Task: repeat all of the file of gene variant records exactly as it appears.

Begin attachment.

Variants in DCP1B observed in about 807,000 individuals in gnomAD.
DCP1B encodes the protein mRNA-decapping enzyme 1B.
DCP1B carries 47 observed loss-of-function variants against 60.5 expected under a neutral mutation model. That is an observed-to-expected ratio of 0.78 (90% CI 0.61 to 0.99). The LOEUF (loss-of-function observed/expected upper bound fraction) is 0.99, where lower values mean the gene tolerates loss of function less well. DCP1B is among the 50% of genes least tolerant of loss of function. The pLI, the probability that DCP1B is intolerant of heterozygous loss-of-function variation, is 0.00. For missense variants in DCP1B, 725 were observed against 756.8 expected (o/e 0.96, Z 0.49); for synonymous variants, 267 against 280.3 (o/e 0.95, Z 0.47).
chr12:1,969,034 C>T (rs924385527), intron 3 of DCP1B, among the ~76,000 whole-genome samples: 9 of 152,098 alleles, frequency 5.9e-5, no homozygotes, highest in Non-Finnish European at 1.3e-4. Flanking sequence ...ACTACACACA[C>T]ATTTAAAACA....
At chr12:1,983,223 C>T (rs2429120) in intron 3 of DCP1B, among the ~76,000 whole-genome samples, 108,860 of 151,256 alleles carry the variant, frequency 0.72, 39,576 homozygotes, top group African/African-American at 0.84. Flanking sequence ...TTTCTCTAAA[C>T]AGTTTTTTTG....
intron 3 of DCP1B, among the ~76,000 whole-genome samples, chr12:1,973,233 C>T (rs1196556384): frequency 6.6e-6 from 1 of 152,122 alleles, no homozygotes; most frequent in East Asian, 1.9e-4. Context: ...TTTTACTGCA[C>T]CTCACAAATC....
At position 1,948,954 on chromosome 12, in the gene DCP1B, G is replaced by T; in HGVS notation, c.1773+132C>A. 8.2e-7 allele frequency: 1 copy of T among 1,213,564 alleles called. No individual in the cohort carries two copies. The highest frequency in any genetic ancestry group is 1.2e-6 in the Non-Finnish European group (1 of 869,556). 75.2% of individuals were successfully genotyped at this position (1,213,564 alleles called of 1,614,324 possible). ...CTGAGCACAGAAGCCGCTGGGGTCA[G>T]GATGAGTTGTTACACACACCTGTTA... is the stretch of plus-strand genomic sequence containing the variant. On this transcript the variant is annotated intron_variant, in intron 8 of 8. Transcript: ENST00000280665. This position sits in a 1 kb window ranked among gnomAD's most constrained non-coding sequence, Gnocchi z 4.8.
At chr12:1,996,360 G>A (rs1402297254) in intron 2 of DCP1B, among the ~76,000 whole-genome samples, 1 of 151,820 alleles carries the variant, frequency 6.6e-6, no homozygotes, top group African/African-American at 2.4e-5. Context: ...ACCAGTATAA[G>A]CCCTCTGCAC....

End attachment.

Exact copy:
Variants in DCP1B observed in about 807,000 individuals in gnomAD.
DCP1B encodes the protein mRNA-decapping enzyme 1B.
DCP1B carries 47 observed loss-of-function variants against 60.5 expected under a neutral mutation model. That is an observed-to-expected ratio of 0.78 (90% CI 0.61 to 0.99). The LOEUF (loss-of-function observed/expected upper bound fraction) is 0.99, where lower values mean the gene tolerates loss of function less well. DCP1B is among the 50% of genes least tolerant of loss of function. The pLI, the probability that DCP1B is intolerant of heterozygous loss-of-function variation, is 0.00. For missense variants in DCP1B, 725 were observed against 756.8 expected (o/e 0.96, Z 0.49); for synonymous variants, 267 against 280.3 (o/e 0.95, Z 0.47).
chr12:1,969,034 C>T (rs924385527), intron 3 of DCP1B, among the ~76,000 whole-genome samples: 9 of 152,098 alleles, frequency 5.9e-5, no homozygotes, highest in Non-Finnish European at 1.3e-4. Flanking sequence ...ACTACACACA[C>T]ATTTAAAACA....
At chr12:1,983,223 C>T (rs2429120) in intron 3 of DCP1B, among the ~76,000 whole-genome samples, 108,860 of 151,256 alleles carry the variant, frequency 0.72, 39,576 homozygotes, top group African/African-American at 0.84. Flanking sequence ...TTTCTCTAAA[C>T]AGTTTTTTTG....
intron 3 of DCP1B, among the ~76,000 whole-genome samples, chr12:1,973,233 C>T (rs1196556384): frequency 6.6e-6 from 1 of 152,122 alleles, no homozygotes; most frequent in East Asian, 1.9e-4. Context: ...TTTTACTGCA[C>T]CTCACAAATC....
At position 1,948,954 on chromosome 12, in the gene DCP1B, G is replaced by T; in HGVS notation, c.1773+132C>A. 8.2e-7 allele frequency: 1 copy of T among 1,213,564 alleles called. No individual in the cohort carries two copies. The highest frequency in any genetic ancestry group is 1.2e-6 in the Non-Finnish European group (1 of 869,556). 75.2% of individuals were successfully genotyped at this position (1,213,564 alleles called of 1,614,324 possible). ...CTGAGCACAGAAGCCGCTGGGGTCA[G>T]GATGAGTTGTTACACACACCTGTTA... is the stretch of plus-strand genomic sequence containing the variant. On this transcript the variant is annotated intron_variant, in intron 8 of 8. Transcript: ENST00000280665. This position sits in a 1 kb window ranked among gnomAD's most constrained non-coding sequence, Gnocchi z 4.8.
At chr12:1,996,360 G>A (rs1402297254) in intron 2 of DCP1B, among the ~76,000 whole-genome samples, 1 of 151,820 alleles carries the variant, frequency 6.6e-6, no homozygotes, top group African/African-American at 2.4e-5. Context: ...ACCAGTATAA[G>A]CCCTCTGCAC....